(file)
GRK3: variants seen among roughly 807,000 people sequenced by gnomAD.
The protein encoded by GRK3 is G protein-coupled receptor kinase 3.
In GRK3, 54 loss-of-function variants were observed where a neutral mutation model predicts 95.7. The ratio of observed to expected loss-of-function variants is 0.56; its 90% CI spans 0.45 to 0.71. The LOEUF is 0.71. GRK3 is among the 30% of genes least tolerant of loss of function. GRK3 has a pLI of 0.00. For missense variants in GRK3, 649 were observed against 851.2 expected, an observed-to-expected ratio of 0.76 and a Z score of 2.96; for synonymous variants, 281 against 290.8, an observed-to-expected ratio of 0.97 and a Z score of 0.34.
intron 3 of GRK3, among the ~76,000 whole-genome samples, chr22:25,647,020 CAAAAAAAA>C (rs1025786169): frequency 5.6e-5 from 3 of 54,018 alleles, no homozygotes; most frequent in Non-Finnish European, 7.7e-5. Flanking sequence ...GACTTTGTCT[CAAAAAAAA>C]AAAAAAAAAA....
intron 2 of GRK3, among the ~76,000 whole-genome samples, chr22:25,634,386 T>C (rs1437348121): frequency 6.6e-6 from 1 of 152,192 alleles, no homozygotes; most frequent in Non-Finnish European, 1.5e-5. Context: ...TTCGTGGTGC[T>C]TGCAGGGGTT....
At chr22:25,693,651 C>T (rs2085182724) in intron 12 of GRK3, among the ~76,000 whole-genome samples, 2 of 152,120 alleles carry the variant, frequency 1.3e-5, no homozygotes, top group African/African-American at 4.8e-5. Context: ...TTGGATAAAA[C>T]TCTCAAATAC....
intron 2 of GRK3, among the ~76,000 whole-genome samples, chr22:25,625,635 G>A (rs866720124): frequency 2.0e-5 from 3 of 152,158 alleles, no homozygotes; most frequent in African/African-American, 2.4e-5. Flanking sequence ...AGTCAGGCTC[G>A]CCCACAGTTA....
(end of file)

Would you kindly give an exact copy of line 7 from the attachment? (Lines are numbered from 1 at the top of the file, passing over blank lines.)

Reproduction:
intron 2 of GRK3, among the ~76,000 whole-genome samples, chr22:25,625,635 G>A (rs866720124): frequency 2.0e-5 from 3 of 152,158 alleles, no homozygotes; most frequent in African/African-American, 2.4e-5. Flanking sequence ...AGTCAGGCTC[G>A]CCCACAGTTA....